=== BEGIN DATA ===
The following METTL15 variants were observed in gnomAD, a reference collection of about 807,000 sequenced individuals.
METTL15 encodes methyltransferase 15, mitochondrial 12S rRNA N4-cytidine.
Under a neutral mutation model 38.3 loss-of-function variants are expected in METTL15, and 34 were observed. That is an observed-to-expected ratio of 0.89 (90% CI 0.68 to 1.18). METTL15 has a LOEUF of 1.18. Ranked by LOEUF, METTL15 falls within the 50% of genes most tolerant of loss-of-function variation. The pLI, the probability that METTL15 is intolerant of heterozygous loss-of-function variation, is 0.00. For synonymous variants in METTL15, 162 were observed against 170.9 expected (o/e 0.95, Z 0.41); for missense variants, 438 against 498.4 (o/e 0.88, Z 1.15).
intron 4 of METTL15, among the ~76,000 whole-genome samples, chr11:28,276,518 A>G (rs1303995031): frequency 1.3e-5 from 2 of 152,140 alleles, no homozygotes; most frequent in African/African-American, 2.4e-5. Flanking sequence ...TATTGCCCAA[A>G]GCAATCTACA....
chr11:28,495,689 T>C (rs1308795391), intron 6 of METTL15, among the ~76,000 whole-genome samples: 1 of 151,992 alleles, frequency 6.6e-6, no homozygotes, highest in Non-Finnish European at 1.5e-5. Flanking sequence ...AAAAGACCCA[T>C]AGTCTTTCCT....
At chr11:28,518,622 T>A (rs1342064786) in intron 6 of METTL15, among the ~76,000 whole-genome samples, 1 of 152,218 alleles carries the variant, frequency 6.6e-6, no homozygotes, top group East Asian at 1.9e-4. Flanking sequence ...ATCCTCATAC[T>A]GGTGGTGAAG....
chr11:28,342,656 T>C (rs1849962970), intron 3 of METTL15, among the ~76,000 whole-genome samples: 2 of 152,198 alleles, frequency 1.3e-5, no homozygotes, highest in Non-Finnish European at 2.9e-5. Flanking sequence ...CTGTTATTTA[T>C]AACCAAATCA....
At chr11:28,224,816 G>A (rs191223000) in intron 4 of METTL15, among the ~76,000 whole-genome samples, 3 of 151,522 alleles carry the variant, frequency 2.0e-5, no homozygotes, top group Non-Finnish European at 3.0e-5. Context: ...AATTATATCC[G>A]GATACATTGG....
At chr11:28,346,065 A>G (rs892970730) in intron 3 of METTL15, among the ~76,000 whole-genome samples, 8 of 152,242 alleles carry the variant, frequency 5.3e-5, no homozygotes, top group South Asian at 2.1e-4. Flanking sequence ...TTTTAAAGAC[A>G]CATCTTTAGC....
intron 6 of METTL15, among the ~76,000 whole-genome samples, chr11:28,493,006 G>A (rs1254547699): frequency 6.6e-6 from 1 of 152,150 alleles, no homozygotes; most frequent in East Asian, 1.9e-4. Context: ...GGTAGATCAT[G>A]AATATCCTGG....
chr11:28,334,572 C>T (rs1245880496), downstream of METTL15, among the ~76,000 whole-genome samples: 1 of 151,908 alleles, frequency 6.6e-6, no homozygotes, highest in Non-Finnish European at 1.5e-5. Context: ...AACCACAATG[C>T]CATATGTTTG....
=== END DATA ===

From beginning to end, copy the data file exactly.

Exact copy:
The following METTL15 variants were observed in gnomAD, a reference collection of about 807,000 sequenced individuals.
METTL15 encodes methyltransferase 15, mitochondrial 12S rRNA N4-cytidine.
Under a neutral mutation model 38.3 loss-of-function variants are expected in METTL15, and 34 were observed. That is an observed-to-expected ratio of 0.89 (90% CI 0.68 to 1.18). METTL15 has a LOEUF of 1.18. Ranked by LOEUF, METTL15 falls within the 50% of genes most tolerant of loss-of-function variation. The pLI, the probability that METTL15 is intolerant of heterozygous loss-of-function variation, is 0.00. For synonymous variants in METTL15, 162 were observed against 170.9 expected (o/e 0.95, Z 0.41); for missense variants, 438 against 498.4 (o/e 0.88, Z 1.15).
intron 4 of METTL15, among the ~76,000 whole-genome samples, chr11:28,276,518 A>G (rs1303995031): frequency 1.3e-5 from 2 of 152,140 alleles, no homozygotes; most frequent in African/African-American, 2.4e-5. Flanking sequence ...TATTGCCCAA[A>G]GCAATCTACA....
chr11:28,495,689 T>C (rs1308795391), intron 6 of METTL15, among the ~76,000 whole-genome samples: 1 of 151,992 alleles, frequency 6.6e-6, no homozygotes, highest in Non-Finnish European at 1.5e-5. Flanking sequence ...AAAAGACCCA[T>C]AGTCTTTCCT....
At chr11:28,518,622 T>A (rs1342064786) in intron 6 of METTL15, among the ~76,000 whole-genome samples, 1 of 152,218 alleles carries the variant, frequency 6.6e-6, no homozygotes, top group East Asian at 1.9e-4. Flanking sequence ...ATCCTCATAC[T>A]GGTGGTGAAG....
chr11:28,342,656 T>C (rs1849962970), intron 3 of METTL15, among the ~76,000 whole-genome samples: 2 of 152,198 alleles, frequency 1.3e-5, no homozygotes, highest in Non-Finnish European at 2.9e-5. Flanking sequence ...CTGTTATTTA[T>C]AACCAAATCA....
At chr11:28,224,816 G>A (rs191223000) in intron 4 of METTL15, among the ~76,000 whole-genome samples, 3 of 151,522 alleles carry the variant, frequency 2.0e-5, no homozygotes, top group Non-Finnish European at 3.0e-5. Context: ...AATTATATCC[G>A]GATACATTGG....
At chr11:28,346,065 A>G (rs892970730) in intron 3 of METTL15, among the ~76,000 whole-genome samples, 8 of 152,242 alleles carry the variant, frequency 5.3e-5, no homozygotes, top group South Asian at 2.1e-4. Flanking sequence ...TTTTAAAGAC[A>G]CATCTTTAGC....
intron 6 of METTL15, among the ~76,000 whole-genome samples, chr11:28,493,006 G>A (rs1254547699): frequency 6.6e-6 from 1 of 152,150 alleles, no homozygotes; most frequent in East Asian, 1.9e-4. Context: ...GGTAGATCAT[G>A]AATATCCTGG....
chr11:28,334,572 C>T (rs1245880496), downstream of METTL15, among the ~76,000 whole-genome samples: 1 of 151,908 alleles, frequency 6.6e-6, no homozygotes, highest in Non-Finnish European at 1.5e-5. Context: ...AACCACAATG[C>T]CATATGTTTG....